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Monday, 17 February, 2003, 16:30 GMT
The view from our rail champ
Jon Yuill, BBC News Online's rail commuters' champion, logs his thoughts about the wrongs and occasional rights of our rail system

Wednesday 5 February

What goes around...


Just as David Attenborough has detailed the complex life cycles of most species on this planet, I think I may have stumbled upon a life cycle phenomenon of our railways. It goes like this.

WHO IS JON YUILL?
Elected: Jon Yuill was voted BBC News Online's rail commuters' champion by users of the site
Voice: His role is to speak up for the beleaguered commuter
Commute: Married with three children, Jon commutes by train between Witham (Essex) and London
Under-investment = crash = tragedy = hand wringing = a big inquest concluding "we must invest more" = do nothing. After which, the cycle starts again. I think you get the idea.

Remember all that wonderful posturing in Parliament after last year's series of disasters? Remember the promises? The fine words? The by-now familiar trembling voices of politicians as they pledged massive improvements?

Well, last week, the head of the Strategic Rail Authority (if that's not an oxymoron), Richard Bowker, announced the scrapping of plans worth more than 10bn as he admitted it could not afford to expand the rail network.

Hardly a single major line will be unaffected. Whole projects are being shelved, probably never to be revived.

Out went a 750m scheme to relieve congestion on South West Trains. Out went a 4m upgrade on the East Coast Mainline. The East London Line will be delayed by two years .Improvements at stations are to be cut from 40m to 10m .

Whilst there are many ills to befall the network, what will surprise many is that during unprecedented disruption, one of the things they have to deal with is wages for the average worker rising to 26,000. Mind you, once they realised the parlous state of the network they have had to hire 10,000 more staff than they had prepared for.

Do we have the will?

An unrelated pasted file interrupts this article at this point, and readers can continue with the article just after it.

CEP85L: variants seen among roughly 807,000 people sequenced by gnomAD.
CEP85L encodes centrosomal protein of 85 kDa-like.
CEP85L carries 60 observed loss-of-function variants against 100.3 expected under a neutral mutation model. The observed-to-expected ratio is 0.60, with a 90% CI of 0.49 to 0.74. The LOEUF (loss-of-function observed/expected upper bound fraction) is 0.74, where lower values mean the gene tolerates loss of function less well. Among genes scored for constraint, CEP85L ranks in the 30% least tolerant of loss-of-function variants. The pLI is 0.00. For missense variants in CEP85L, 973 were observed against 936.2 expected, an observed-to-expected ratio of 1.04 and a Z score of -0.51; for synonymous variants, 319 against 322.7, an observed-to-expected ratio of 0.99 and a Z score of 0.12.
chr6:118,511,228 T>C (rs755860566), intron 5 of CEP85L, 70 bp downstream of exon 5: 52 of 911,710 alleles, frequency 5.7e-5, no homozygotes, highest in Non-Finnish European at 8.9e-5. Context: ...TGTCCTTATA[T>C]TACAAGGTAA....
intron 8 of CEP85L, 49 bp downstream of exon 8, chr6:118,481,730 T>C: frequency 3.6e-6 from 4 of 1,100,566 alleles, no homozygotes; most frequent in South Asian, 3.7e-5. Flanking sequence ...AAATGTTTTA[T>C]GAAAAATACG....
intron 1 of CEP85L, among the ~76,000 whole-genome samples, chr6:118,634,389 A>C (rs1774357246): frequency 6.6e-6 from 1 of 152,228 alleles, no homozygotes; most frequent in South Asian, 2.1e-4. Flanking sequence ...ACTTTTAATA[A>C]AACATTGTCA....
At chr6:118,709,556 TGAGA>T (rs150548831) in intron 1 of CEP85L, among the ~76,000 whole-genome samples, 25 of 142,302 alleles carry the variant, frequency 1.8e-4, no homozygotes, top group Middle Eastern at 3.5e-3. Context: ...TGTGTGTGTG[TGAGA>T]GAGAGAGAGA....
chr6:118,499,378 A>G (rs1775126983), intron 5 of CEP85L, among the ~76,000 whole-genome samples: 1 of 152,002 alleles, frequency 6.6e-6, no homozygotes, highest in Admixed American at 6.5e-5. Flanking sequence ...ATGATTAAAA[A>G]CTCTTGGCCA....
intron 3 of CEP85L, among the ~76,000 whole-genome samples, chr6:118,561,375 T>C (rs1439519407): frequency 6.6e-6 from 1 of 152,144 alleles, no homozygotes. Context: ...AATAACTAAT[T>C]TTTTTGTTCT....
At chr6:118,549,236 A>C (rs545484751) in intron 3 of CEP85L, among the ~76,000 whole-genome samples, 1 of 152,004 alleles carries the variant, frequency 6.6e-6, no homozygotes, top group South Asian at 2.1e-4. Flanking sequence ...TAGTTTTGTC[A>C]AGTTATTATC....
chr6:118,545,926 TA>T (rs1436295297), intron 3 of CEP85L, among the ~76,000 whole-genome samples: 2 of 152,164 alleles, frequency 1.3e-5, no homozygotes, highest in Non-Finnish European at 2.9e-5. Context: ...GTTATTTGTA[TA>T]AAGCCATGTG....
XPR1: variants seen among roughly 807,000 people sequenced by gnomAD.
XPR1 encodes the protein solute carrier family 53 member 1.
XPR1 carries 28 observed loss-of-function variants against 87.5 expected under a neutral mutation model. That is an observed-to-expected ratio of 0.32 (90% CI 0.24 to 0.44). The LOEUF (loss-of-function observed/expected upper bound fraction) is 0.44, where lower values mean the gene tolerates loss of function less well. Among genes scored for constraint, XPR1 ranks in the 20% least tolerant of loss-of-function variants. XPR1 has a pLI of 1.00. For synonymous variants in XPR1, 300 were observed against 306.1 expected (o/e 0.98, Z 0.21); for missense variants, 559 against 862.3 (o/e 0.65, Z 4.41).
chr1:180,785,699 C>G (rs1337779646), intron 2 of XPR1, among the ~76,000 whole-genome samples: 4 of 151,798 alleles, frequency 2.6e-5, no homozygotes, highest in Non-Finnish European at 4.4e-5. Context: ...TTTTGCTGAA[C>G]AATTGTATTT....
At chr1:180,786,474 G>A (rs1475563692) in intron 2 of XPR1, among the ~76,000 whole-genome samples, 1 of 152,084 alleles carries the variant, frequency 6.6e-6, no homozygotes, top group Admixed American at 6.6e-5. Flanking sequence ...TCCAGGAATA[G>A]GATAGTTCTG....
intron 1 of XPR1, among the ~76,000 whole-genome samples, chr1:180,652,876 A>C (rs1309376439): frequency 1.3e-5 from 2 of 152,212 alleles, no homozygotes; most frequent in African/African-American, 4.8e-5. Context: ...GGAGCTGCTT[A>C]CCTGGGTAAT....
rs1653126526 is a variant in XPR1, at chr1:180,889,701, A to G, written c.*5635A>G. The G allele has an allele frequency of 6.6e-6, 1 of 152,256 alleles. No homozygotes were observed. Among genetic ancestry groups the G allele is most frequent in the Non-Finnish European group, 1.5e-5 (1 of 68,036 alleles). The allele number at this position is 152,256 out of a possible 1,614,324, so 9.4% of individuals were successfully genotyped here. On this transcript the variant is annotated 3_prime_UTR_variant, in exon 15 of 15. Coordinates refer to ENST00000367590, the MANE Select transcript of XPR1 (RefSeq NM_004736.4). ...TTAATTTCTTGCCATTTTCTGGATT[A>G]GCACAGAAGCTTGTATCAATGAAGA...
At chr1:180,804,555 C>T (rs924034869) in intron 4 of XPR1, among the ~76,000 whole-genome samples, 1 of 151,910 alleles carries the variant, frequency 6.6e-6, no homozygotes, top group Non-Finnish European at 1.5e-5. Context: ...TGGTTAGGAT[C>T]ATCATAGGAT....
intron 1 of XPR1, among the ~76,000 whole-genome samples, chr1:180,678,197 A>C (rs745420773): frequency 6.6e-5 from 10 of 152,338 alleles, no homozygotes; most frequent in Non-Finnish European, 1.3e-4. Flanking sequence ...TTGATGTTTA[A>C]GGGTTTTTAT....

To cope with overcrowding, the authority has suggested cutting services. Yes. You saw right. Too many people are being delayed, so their answer is to cut services. This means fewer trains, which they hope means less congestion.

After hearing all this, it struck me that the only thing stopping us getting the railways we deserve (and pay for) isn't money at all. It's something much less heralded, but actually, much more fundamental. It's called will power.

Just think. As we struggle into work each day, dutifully paying our taxes, thousands and thousands of men and women in our armed forces are being transported to the Middle East (no, I don't mean Leytonstone).

Now, bear with me, this isn't an anti-war rant. Once there, they will be reunited with their high-tech equipment. They will be fed, cared for and generally made ready to perform at their peak in a possible war.

It's a massive operation, involving land, sea and air over many thousands of miles in an inhospitable environment. And, it's only taken a few months. The issue is, they are there because someone in authority has the will to make it happen. It's that simple. It can be done, because the executive wants it done.

We are the world's fourth largest economy. We have brilliant minds, a wonderful heritage of innovation and engineering. Why, only about a hundred or so years ago, we ruled three quarters of the world's population. You may want to reflect on this next time you're stuck for hours due to a points failure. And remember. It's not money. It's not logistics. It's simple will power. Which, of course, costs precisely nothing.

Who was that wonderful man?

Finally, in my last Yuill Log, I was very scathing about First Great Eastern railways after being stuck on a train for three and a quarter hours for a 50-mile journey, made worse by a driver who was struck dumb.

News reaches me of a driver caught up in the same mess, but who kept his passengers informed regularly - and with wit - throughout the ordeal. I know not his name, but send him the collective thanks of several hundred commuters. Next time I'm stranded on a train, I hope it's yours. And let's face it, it's only a matter of time!

Some of your comments:

Michael Stevenson, uk
Good column, but does it make any difference. Does anyone associated with the provision of rail services actually read it? Do they even care? We all know what the problems are, action is what's required.

Steve Cahill, Sandy, England
Jon, you have rapidly become essential reading for the embittered commuting fraternity. I look forward to your words of wit and wisdom. It's reassuring to know that, from my point of view, it is not just West Anglia Great Northern who treat their passengers with total contempt. Please keep banging the drum on behalf of us all, we need to fight back !!

Friso, UK
Maybe we need a war on the railways? Then they can send in the military. Seeing as the Army does seem to be capable of moving large amounts of machinery and people around the world, they would make a good candidate to take over the railways.


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